Henlow Church of England Academy

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About Henlow Church of England Academy

Name Henlow Church of England Academy
Ofsted Inspections
Headteacher Mrs Caren Earp
Address Church Road, Henlow, SG16 6AN
Phone Number 01462813733
Phase Academy
Type Academy converter
Age Range 9-16
Religious Character Church of England
Gender Mixed
Number of Pupils 569
Local Authority Central Bedfordshire
Highlights from Latest Inspection

What is it like to attend this school?

Pupils enjoy attending this friendly and caring school. They told us that teachers want them to do well and be happy. Pupils are confident that if they need help in any way, they will get it.

Staff and pupils help new pupils to quickly become part of the school community. Pupils are polite, mature and considerate towards others.

Pupils get on well with each other and adults.

In lessons, pupils work hard and sensibly, which helps them learn. Pupils play good-naturedly with others at break- and lunchtime. Almost all pupils behave very well.

Expectations of behaviour are high. Teachers help pupils to make the right choices about how to behave.

...Leaders have created a good balance between pupils' academic and personal development.

Pupils enjoy learning a broad range of subjects. They also learn about the school's values of honesty, enthusiasm, nurture, love, originality and wisdom. Many pupils take part in the wide variety of clubs and activities held at lunchtime or after school.

All the pupils we spoke to said that bullying is rare. When it does happen, teachers deal with it quickly and well. Consequently, pupils feel safe and happy in school.

What does the school do well and what does it need to do better?

Leaders want all pupils to achieve their best. However, the information provided to parents and carers on the school's website about what pupils learn each year is underdeveloped. Subject leaders' planning shows what pupils should learn, and in what order, to build on what they already know.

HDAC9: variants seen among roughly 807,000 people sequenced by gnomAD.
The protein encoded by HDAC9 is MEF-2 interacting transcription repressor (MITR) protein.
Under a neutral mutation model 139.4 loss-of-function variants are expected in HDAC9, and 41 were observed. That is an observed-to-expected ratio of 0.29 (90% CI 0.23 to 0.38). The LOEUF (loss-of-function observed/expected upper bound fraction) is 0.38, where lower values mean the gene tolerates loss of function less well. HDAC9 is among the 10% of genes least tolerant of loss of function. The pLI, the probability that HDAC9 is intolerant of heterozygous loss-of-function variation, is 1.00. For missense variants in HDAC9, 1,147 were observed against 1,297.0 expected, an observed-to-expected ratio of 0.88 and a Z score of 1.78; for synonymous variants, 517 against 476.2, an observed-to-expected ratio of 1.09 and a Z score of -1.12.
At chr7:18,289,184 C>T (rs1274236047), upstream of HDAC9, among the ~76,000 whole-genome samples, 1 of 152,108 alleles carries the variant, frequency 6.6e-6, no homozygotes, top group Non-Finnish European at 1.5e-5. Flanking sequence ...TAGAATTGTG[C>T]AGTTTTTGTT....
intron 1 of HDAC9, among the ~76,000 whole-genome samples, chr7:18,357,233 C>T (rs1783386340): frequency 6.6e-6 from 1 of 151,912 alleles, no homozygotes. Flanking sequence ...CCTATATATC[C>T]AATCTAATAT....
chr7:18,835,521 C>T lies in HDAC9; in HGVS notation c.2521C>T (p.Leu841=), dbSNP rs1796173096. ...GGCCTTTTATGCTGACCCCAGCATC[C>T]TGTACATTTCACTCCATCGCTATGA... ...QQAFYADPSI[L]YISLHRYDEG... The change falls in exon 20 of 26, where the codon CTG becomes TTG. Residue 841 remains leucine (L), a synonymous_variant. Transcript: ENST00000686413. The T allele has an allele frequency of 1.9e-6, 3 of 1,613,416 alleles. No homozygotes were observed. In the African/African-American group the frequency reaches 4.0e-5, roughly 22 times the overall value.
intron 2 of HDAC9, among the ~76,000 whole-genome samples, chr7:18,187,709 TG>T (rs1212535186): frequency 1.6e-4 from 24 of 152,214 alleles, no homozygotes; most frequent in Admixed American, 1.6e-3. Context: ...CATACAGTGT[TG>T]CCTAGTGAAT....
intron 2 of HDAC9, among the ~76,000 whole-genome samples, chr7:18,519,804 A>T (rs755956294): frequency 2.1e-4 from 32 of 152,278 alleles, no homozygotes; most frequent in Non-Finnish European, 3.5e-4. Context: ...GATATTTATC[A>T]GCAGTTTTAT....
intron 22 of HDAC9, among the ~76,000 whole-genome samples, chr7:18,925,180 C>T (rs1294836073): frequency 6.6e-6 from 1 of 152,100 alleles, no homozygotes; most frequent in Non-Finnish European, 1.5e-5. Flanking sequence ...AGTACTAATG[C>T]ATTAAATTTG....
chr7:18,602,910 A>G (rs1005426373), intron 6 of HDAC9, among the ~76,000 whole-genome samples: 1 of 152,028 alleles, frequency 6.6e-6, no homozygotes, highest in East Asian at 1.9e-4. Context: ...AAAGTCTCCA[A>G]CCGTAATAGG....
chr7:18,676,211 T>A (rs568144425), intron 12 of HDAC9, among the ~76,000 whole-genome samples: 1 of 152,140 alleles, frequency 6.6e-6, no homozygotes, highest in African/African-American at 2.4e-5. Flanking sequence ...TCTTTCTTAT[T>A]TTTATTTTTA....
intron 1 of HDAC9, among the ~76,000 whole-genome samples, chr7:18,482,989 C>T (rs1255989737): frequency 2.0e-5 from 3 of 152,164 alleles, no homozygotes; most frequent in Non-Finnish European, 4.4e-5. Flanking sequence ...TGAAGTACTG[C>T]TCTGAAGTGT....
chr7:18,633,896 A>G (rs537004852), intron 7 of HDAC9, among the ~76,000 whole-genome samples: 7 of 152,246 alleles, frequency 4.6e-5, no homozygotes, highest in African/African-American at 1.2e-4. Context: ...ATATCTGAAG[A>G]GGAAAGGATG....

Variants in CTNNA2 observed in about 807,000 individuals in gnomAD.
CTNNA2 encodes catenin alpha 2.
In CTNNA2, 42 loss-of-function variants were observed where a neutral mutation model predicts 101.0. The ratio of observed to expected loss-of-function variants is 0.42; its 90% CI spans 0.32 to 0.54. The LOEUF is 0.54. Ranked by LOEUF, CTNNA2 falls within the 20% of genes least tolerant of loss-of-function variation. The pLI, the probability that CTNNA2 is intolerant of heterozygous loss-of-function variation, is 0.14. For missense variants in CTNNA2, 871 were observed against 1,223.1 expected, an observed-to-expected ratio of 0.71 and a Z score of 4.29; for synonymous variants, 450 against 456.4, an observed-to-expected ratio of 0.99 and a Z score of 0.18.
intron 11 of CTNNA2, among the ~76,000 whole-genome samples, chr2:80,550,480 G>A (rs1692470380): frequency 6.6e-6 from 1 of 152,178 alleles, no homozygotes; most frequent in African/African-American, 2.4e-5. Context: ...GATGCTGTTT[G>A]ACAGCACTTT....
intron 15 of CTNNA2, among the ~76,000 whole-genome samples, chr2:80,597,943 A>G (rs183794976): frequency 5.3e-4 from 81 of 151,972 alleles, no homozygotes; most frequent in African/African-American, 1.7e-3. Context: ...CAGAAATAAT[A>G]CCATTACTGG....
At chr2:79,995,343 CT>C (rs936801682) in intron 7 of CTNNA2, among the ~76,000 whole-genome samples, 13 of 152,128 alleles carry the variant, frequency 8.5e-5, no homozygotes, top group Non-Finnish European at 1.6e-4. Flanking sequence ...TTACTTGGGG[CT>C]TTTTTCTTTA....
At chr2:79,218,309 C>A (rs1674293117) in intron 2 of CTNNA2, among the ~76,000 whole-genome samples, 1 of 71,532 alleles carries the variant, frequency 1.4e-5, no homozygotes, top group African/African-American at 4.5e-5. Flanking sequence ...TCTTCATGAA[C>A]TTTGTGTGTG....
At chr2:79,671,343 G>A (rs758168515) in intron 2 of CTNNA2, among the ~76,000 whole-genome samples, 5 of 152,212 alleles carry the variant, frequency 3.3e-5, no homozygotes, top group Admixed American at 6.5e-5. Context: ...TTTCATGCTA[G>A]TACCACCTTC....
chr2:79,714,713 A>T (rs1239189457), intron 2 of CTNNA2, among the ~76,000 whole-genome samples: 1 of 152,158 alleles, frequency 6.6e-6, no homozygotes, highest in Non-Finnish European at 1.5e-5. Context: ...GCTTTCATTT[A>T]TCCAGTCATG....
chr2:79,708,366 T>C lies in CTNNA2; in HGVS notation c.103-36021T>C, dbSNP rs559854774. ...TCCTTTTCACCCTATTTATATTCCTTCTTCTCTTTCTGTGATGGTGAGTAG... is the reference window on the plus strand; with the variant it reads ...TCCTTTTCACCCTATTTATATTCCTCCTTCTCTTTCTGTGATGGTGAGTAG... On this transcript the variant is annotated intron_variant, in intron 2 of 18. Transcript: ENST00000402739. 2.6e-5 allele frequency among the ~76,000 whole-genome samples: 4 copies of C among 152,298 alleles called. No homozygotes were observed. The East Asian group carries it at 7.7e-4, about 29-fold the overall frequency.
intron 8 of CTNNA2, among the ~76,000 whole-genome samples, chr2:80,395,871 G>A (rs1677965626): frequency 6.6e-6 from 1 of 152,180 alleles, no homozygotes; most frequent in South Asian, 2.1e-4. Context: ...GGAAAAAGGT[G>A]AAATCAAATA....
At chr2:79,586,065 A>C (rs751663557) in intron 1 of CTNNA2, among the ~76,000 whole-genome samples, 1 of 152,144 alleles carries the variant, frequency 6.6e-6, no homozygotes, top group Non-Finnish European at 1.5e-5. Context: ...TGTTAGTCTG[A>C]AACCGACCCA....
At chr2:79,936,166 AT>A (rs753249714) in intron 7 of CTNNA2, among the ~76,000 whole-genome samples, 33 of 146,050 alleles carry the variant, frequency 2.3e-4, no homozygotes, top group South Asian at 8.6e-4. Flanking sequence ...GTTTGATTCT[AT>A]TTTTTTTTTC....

This is done particularly well in English, geography and mathematics, although it is not as well developed in French.

Leaders' actions have addressed the issues identified by inspectors when they inspected the school in 2018. In mathematics, teachers give pupils the chance to regularly recap important ideas.

In English, pupils read a variety of different text types. Teachers make sure that pupils read and understand increasingly difficult texts as they move up the school. Pupils are encouraged to read at every opportunity.

They also get lots of opportunities to write in different styles. This contributes to pupils knowing and remembering more in these subjects. Consequently, pupils achieve well.

Teachers share ideas about what works well in their teaching. They have the knowledge and skills needed to teach a range of subjects. Teachers usually choose activities that give pupils the right level of challenge.

Occasionally they do not. Pupils' learning slows when this happens. Teachers adapt activities to meet pupils' needs, so that most pupils with special educational needs and/or disabilities (SEND) access the curriculum well.

The school's curriculum contributes strongly to pupils' wider personal development. Pupils learn about other cultures and beliefs in religious education (RE) and personal, social and health (PSH) education. Pupils know the similarities and differences between the major faiths.